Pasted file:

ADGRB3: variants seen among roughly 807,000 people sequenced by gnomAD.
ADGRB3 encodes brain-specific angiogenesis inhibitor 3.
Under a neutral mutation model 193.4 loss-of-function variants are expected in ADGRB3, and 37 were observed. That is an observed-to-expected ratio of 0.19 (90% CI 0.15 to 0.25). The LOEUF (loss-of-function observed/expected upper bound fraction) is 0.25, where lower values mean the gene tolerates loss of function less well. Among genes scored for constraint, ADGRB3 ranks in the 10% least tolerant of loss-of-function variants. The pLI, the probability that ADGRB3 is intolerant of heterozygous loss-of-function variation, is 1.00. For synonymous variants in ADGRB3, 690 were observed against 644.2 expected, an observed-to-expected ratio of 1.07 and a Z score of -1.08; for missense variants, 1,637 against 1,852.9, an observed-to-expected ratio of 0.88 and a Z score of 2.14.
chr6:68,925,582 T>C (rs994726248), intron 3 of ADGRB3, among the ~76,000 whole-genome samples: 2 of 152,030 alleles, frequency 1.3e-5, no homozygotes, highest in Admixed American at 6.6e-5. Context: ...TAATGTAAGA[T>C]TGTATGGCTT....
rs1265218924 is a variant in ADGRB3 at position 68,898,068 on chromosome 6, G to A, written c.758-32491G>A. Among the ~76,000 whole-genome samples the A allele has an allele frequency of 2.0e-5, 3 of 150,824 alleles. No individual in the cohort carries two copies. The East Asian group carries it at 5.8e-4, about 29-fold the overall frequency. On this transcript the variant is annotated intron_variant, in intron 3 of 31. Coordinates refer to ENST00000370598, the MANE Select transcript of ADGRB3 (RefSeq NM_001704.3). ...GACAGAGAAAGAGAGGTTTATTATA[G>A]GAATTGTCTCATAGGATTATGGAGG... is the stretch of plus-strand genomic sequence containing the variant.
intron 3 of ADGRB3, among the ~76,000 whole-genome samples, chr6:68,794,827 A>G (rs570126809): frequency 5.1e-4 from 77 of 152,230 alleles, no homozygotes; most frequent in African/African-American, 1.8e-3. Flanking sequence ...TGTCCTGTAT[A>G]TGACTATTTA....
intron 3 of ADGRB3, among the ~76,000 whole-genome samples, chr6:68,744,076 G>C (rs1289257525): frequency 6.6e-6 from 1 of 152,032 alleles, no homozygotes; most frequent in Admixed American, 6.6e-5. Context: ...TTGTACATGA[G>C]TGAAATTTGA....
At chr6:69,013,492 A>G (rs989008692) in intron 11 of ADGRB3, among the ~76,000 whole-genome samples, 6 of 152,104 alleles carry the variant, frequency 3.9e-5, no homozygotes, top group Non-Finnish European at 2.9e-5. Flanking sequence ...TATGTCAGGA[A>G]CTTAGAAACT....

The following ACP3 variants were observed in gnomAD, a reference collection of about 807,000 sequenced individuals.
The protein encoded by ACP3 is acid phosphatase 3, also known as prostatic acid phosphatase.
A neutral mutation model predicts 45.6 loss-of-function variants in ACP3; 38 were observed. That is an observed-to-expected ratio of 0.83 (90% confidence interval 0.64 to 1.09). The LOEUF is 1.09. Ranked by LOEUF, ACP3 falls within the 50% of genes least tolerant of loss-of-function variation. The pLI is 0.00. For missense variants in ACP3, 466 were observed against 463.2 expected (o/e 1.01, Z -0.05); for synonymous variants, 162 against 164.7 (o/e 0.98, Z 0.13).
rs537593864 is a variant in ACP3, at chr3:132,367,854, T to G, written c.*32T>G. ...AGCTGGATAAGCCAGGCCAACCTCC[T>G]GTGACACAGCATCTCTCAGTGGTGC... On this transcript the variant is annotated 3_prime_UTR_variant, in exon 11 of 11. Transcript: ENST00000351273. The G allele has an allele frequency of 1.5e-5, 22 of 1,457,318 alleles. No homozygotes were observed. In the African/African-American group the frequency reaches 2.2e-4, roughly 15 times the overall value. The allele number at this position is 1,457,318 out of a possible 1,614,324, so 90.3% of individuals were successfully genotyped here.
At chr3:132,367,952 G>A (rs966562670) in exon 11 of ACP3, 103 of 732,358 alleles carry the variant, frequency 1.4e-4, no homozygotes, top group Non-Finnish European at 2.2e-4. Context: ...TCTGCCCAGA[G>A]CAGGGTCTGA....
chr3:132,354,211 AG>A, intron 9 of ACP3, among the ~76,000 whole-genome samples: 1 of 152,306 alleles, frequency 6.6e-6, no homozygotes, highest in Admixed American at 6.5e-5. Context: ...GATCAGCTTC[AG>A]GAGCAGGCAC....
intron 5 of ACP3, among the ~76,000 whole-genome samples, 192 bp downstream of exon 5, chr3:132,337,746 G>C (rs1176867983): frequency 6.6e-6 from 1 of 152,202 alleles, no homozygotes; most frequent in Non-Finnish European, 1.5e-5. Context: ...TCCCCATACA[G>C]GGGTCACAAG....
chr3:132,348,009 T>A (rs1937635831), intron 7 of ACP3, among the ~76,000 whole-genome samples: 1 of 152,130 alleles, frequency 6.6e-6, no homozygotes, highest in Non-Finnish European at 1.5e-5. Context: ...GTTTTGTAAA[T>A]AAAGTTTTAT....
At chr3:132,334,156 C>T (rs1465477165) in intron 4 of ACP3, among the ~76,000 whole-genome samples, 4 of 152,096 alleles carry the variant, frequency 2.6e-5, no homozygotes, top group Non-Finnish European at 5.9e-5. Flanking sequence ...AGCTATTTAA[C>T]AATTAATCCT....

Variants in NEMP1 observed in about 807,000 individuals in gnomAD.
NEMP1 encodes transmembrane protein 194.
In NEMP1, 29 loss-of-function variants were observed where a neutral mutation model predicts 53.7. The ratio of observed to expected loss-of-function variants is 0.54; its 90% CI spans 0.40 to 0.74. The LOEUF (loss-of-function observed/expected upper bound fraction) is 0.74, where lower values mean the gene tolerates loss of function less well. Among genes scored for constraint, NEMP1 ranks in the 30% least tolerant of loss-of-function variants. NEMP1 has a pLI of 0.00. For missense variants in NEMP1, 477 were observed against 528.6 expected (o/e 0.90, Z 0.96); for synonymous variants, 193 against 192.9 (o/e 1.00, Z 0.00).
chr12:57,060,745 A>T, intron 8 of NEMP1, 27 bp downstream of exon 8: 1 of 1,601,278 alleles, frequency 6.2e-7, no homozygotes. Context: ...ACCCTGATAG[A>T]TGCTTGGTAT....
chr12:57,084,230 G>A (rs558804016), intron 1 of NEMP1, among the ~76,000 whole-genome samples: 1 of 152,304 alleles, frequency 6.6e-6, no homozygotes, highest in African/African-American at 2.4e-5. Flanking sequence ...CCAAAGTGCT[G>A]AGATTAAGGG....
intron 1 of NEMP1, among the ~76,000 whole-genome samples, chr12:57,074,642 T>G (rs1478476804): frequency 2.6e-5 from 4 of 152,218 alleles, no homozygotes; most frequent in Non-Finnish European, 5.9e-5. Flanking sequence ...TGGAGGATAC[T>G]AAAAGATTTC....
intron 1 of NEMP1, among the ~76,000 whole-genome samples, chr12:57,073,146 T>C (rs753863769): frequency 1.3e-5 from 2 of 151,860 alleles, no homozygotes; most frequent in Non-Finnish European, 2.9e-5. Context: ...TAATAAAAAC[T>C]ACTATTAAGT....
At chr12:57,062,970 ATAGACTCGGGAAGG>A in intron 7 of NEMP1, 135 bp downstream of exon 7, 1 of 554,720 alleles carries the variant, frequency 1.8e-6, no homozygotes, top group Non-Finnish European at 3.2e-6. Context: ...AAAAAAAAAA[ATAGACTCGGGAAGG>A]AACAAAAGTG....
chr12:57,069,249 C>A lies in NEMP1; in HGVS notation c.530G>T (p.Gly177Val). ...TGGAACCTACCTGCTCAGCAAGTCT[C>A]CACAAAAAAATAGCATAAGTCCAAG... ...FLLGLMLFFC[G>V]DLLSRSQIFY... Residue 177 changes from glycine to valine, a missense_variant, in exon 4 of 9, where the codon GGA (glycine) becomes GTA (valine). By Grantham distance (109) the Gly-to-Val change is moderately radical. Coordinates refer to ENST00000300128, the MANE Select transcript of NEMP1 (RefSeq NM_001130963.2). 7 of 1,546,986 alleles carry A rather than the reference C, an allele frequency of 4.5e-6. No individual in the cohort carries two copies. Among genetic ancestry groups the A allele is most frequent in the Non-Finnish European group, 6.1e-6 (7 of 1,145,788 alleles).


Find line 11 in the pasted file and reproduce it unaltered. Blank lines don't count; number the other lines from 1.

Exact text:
A neutral mutation model predicts 45.6 loss-of-function variants in ACP3; 38 were observed. That is an observed-to-expected ratio of 0.83 (90% confidence interval 0.64 to 1.09). The LOEUF is 1.09. Ranked by LOEUF, ACP3 falls within the 50% of genes least tolerant of loss-of-function variation. The pLI is 0.00. For missense variants in ACP3, 466 were observed against 463.2 expected (o/e 1.01, Z -0.05); for synonymous variants, 162 against 164.7 (o/e 0.98, Z 0.13).